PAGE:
After leaving newspaper publishing, Archibald Prentice found work at the Manchester Gas Office. However, he continued to write and had several books published including: Tour of the United States (1848), Historical Sketches and Personal Reminiscences of Manchester (1851) and History of the Anti-Corn Law League (1853).

Archibald Prentice died on 24th December, 1857.

Primary Sources

(1) Archibald Prentice, Historical Sketches and Personal Recollections of Manchester (1851)

From the windows of Mr. Baxter's house in Mosley Street, I saw the main body proceeding towards St. Peter's Field, and never saw a gayer spectacle. There were haggard-looking men certainly, but the majority were young persons, in their best Sunday suits, and the light coloured dresses of the cheerful tidy-looking women. Slowly and orderly the multitudes took their places round the hustings. Our company laughed at the fears of the magistrates, and the remark was, that if the men intended mischief they would not have brought their wives, their sisters, or their children with them.

I saw Hunt arrive, and heard the shouts of the sixty thousands persons by whom he was enthusiastically welcomed, as the carriage in which he stood made its way through the dense crowd to the hustings.

I proceeded to my dwelling-house in Salford, intending to return in about an hour or so. I had not been at home more than a quarter of an hour when a wailing sound was heard from the main street, and, rushing out, I saw people running in the direction of Pendleton, their faces pale as death, and some with blood trickling down their cheeks. The unarmed multitude, men, women, and children, had been attacked with murderous results by the military.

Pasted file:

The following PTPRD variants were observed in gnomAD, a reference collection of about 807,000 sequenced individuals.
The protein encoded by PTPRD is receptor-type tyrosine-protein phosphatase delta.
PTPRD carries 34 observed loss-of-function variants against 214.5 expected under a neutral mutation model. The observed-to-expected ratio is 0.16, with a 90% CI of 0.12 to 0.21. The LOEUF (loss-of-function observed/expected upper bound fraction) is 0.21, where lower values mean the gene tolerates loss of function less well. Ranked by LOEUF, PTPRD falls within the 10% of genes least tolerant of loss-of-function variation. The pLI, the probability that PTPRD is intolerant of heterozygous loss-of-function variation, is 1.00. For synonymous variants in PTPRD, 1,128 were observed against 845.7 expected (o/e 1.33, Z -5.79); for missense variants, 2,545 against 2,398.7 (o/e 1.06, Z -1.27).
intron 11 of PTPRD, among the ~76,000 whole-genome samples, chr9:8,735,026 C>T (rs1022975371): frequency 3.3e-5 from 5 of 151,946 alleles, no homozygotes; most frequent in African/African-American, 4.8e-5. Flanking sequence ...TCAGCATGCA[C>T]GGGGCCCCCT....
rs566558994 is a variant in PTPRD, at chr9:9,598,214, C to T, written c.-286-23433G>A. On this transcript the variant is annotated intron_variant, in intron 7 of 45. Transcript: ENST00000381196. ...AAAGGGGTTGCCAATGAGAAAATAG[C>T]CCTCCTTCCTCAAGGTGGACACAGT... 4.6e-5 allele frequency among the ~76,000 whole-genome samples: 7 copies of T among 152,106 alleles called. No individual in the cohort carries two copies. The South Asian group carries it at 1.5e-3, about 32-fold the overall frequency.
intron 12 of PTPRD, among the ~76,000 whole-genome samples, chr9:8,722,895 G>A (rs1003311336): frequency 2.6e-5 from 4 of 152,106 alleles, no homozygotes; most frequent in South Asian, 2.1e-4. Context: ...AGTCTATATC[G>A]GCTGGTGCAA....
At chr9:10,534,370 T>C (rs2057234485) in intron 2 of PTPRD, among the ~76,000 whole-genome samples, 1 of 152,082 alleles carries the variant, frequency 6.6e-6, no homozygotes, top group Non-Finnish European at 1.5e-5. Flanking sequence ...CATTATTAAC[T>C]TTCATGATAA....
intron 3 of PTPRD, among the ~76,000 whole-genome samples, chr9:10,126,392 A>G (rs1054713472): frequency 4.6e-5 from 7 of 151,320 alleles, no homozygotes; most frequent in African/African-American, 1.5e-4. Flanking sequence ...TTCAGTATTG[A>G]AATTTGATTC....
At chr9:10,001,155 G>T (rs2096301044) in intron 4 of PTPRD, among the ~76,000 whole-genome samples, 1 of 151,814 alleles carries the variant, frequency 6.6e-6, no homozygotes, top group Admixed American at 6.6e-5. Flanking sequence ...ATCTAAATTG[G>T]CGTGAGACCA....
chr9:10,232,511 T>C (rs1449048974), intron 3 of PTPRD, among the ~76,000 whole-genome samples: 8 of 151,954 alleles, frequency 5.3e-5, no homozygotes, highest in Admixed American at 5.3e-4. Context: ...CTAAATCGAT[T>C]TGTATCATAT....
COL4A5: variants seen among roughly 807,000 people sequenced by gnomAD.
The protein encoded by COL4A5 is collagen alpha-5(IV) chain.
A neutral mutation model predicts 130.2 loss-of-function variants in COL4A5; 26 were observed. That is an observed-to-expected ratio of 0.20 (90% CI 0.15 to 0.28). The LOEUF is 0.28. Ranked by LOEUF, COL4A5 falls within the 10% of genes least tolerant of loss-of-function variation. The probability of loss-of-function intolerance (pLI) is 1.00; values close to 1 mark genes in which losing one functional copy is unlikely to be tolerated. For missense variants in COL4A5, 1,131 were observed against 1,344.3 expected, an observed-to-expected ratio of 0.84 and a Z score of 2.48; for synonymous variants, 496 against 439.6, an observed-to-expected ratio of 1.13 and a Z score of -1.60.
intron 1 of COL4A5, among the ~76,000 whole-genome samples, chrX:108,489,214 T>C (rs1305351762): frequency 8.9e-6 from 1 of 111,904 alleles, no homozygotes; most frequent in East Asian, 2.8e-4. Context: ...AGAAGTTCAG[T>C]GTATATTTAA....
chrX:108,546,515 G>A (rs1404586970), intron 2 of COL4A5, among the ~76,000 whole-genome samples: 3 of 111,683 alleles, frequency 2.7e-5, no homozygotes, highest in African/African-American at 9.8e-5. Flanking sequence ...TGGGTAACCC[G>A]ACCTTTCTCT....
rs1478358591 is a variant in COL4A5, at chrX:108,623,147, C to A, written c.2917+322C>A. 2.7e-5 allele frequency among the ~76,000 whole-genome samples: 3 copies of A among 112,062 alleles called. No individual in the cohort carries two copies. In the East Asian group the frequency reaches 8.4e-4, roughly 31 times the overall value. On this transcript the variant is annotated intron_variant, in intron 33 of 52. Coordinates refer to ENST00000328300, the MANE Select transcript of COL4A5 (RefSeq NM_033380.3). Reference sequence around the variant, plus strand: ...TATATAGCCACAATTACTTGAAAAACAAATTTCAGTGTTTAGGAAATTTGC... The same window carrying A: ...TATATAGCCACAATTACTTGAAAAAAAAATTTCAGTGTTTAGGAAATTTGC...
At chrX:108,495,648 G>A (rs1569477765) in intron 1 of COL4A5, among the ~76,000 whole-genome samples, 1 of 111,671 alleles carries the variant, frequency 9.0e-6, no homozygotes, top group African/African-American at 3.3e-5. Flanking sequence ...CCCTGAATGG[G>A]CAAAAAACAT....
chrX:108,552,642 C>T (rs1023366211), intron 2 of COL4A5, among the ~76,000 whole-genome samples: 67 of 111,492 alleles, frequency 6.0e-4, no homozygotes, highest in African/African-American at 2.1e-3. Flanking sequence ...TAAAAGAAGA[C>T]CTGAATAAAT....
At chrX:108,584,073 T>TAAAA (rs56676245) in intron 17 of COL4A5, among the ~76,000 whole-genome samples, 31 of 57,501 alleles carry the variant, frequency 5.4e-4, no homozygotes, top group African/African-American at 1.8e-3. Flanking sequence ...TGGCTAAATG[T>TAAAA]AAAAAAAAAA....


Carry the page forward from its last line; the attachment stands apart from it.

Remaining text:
The magistrates had resolved at the last moment, that Hunt, and the friends who accompanied him to the hustings, should be apprehended. There was abundance of force at hand to render resistance hopeless. The number of special constables had greatly increased, two hundred additional men having been sworn in for the occasion; a portion were stationed round the hustings, and another formed a line of communication to the house in which the magistrates were assembled. Near to the field were six troops of the 15th Hussars, a troop of horse artillery, with two guns, the greater part of the 31st regiment of infantry, some companies of the 88th regiment, the Cheshire yeomanry, of between three and four hundred men, and the Manchester yeomanry, of about forty hot-headed young men, who had volunteered into that service from their intense hatred of radicalism.

(2) Archibald Prentice, Manchester Times (16th August, 1830)

Eleven years ago, in this town, a meeting, peaceably assembled for the exercise of a constitutional right, was attacked by the military and eleven persons were killed and upwards of 600 wounded. The principal actors in that tragedy were never brought to justice; but on the contrary, received the thanks of the late Majesty. The person (Henry Hunt) who was to have presided was brought to trial, and having been found guilty of being present at the meeting, was sentenced to an imprisonment of two years and a half, which dreadful sentence was most mercilessly put into execution. How vain was the effort made to extinguish the cry for reform, will be proved on Monday next, when probably 50,000 persons will congregate on the field where that tragedy was enacted, to hear that very person relate the story of his sufferings, and address them probably in the very language he intended to use when he was interrupted by the sabres of the Yeomanry.